Application to bring Deeds Land under the Land Transfer Act by Adverse Occupier

Information about bringing Deeds land under the Land Transfer Act 2017 (LTA) under section 172 (1)(b) of the LTA. These applications can be made by the documentary owner but also by a person in adverse possession to the documentary owner.

Historical Background

The majority of all privately owned land in New Zealand is now subject to the LTA. Any land remaining in the Deeds system is there either because of historical reasons, for example occupation inside surveyed boundaries, or because it was not economically viable for an application to be made. 

Applications by documentary owners to bring Deeds land under the LTA will now be rare. Most of the remaining Deeds land is likely to be in the occupation of someone other than the documentary owner. Applicants in possession of Deeds land by virtue of adverse occupation (not derived from the documentary owner) base their claims on the Limitation Act 1950 and now the Limitation Act 2010. Applicants have to demonstrate that the documentary title has been extinguished by their adverse possession.

Procedural Matters

Sections 171 – 183 LTA set out the requirements and procedures for an application. The requirements are substantially the same as those in place under the 1952 Act.

 The land must have been alienated or contracted to have been alienated from the Crown and the application should include evidence of Crown granting. Applications cannot be made in respect of Māori land.

Some important points relating to applications based on adverse possession are:

  • A minimum of 12 years of uncontested continuous occupation must be established. That can be personal to the applicant or can be cumulative through a chain of adverse occupiers as long as the overall period is unbroken.
  • If the applicant’s period of personal possession is less than 12 years then declarations from previous occupiers that the applicant is claiming through should be provided.

Definition of Application Land by Survey

The application must be accompanied by a plan of the land applied for and which is suitable for deposit under the LTA (see section 224(1)). Occupation details should be shown on the plan - this could be fences, trees, buildings or other features denoting occupation.

Application Format and Evidence

The instrument code is AP17.

The instrument may be lodged by e-dealing (image only with certifications ,  A&I required) or as a manual dealing (dispensation will be required if lodged by a practitioner). 

Forms 39 of the Approved Electronic Forms (for registration by e-dealing) or the Approved Paper Forms (for a manual dealing) can be used to make an application. Use of these forms will ensure that all prescribed information is provided.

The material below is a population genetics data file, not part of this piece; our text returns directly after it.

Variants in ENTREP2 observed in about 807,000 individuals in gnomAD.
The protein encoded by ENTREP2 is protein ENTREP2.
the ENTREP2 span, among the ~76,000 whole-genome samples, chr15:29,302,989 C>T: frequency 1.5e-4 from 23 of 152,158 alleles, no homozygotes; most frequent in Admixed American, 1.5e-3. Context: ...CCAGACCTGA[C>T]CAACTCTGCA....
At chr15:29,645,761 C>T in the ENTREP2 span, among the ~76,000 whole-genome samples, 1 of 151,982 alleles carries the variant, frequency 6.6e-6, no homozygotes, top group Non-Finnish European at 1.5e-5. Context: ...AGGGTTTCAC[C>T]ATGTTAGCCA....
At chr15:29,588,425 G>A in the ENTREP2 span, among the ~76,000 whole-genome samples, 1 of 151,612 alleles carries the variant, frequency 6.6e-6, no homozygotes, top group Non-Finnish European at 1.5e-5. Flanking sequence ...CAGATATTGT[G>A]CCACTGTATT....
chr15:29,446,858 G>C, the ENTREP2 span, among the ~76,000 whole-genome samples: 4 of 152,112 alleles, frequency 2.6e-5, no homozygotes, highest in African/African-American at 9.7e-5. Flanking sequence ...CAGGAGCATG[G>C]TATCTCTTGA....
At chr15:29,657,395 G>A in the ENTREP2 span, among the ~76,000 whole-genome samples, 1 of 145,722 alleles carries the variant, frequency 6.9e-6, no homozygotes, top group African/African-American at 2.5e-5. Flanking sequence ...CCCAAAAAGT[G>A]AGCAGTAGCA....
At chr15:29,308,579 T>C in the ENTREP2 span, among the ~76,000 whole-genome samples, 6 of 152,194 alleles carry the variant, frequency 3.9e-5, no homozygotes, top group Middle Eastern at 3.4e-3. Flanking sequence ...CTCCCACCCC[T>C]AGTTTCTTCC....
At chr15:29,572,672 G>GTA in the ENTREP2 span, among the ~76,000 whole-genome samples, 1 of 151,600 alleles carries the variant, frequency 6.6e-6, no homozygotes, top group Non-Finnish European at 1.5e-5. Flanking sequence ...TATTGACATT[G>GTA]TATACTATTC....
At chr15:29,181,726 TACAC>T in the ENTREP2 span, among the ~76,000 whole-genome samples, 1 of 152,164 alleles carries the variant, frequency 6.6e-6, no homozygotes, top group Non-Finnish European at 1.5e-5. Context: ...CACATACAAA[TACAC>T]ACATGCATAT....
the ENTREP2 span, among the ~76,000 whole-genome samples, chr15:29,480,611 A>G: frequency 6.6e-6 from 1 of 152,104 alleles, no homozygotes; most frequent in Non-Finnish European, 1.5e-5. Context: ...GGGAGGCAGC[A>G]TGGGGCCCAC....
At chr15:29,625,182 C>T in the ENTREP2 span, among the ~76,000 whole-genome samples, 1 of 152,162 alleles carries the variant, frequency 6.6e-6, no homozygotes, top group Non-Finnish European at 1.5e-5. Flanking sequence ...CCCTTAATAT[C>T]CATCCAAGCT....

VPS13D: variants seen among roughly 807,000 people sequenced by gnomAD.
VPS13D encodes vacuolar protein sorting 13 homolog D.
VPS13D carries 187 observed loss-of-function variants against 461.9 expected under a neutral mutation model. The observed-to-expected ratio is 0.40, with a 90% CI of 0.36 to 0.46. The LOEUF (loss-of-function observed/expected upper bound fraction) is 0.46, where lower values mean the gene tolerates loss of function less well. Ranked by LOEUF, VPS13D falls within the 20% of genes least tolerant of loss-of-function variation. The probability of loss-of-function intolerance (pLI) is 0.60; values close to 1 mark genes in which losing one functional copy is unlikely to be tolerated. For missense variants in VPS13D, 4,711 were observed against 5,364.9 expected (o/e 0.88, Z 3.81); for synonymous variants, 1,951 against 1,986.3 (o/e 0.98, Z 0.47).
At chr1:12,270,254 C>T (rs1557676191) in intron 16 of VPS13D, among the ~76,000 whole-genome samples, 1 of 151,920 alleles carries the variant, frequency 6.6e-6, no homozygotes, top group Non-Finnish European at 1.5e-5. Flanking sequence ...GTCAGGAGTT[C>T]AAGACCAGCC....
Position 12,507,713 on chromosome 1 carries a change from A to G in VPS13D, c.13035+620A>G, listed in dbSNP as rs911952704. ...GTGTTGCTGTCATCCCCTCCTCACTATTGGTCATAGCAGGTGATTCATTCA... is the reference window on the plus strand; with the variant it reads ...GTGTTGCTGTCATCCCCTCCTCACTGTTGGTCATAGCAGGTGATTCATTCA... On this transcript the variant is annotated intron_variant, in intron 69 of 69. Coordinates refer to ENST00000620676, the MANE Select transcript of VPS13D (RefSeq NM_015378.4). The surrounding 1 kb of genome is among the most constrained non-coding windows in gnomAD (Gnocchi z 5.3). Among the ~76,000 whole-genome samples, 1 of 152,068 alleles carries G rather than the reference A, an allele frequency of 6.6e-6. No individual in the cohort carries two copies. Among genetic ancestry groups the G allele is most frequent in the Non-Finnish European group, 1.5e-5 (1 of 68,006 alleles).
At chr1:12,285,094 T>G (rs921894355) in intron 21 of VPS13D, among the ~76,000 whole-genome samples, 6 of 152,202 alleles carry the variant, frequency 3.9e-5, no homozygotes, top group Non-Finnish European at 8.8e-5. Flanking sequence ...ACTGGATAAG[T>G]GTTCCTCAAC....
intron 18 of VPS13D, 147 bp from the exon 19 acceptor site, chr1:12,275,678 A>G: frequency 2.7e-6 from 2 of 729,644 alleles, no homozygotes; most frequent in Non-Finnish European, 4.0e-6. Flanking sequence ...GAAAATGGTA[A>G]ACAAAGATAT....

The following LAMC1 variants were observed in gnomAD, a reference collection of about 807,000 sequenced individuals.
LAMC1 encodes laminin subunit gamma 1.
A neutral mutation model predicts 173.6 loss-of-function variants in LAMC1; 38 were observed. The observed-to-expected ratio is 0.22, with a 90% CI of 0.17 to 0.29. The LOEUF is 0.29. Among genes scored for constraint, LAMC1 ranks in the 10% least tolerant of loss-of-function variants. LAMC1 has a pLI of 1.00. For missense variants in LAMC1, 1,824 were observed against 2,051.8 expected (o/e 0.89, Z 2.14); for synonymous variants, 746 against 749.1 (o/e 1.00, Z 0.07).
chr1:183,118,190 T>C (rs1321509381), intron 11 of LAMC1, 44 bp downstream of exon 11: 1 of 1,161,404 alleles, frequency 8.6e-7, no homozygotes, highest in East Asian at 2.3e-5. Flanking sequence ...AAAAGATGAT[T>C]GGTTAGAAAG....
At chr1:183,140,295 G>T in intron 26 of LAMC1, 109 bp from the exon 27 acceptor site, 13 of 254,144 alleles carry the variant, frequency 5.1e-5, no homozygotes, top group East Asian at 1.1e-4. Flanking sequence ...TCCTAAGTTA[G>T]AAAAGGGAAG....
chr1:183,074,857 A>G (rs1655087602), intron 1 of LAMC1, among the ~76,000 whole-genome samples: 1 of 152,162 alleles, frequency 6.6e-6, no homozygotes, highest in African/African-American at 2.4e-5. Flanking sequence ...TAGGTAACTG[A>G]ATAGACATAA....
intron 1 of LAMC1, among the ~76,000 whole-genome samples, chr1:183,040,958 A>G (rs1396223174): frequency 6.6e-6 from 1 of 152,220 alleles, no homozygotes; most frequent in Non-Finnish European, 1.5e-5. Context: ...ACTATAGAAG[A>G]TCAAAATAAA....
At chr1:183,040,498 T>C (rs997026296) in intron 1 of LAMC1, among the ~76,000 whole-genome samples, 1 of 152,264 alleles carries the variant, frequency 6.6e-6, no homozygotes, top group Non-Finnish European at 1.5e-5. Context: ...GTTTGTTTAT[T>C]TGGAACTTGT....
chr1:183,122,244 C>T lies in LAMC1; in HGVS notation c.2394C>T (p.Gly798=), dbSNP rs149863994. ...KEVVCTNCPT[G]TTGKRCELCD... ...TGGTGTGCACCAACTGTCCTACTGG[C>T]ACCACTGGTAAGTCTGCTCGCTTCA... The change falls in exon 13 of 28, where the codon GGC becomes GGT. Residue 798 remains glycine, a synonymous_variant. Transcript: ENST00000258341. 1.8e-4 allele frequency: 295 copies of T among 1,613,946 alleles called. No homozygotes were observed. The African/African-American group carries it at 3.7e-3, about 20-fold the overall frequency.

This includes such matters as (and evidence to support the same):

  • Period of personal possession [state period and dates].        
  • Periods of prior possession claimed (if applicable) [state the identity and, where applicable, the relationship of the persons through or under whom the applicant claims, and the manner in which possession was acquired by the applicant and by the persons through or under whom the applicant claims]. 
  • Manner of occupation [state as fully as is known or can be ascertained the nature of the occupation of all persons concerned, e.g., whether it has been continuous or broken, exclusive or divided, undisputed or by whom disputed, etc].                          
  • Is land fenced? [state all information available regarding the fences, e.g., age, extent, by whom erected, etc].
  • Purposes for which the land has been used.                          
  • Improvements [state what improvements are on the land and whether they were effected before or since the commencement of the period of adverse possession].
  • Evidence to support application [give details of anything supporting the claim, e.g. payment of rates and other expenses].          

The application should be corroborated by a statutory declaration from at least one disinterested party with knowledge of the history of occupation over the qualifying period or as much of it as is possible.

Advertising and Notice to Interested Parties

Once the RGL is satisfied that the applicant has established entitlement to the land then it is advertised in accordance with section 173 LTA.  Interested persons then have 40 workings day to lodge a caveat forbidding the bringing of the land under the Act

The RGL sends notice of the application to interested parties such as the occupiers or owners of adjoining land, the documentary owner and the relevant territorial authority.

Caveats against bringing Land under the Act

Other persons claiming the freehold or a lesser estate of interest in the land may protect their interest by lodging a caveat within the 40 working day notice period under section 174. This operates to prevent the land being brought under the Act while the caveat remains. The RGL will serve notice of the caveat on the applicant.

RGL must serve notice of the caveat on the applicant. The caveat will be deemed to have lapsed 60 working days after receipt by the RGL unless, within that time, the caveator has given written notice to the RGL that court proceedings have been taken to establish title to the estate or interest claimed (see section 177 LTA).

For more information see Other caveats under the Land Transfer Act 2017.

Bringing the Deeds Land under the Act

If, at the expiration of the time limit in respect of the application, all necessary notices have been given and no caveat have been lodged or such caveat as has been lodged has lapsed and no sufficient cause to the contrary appears, a record of title will be issued in the name of the applicant.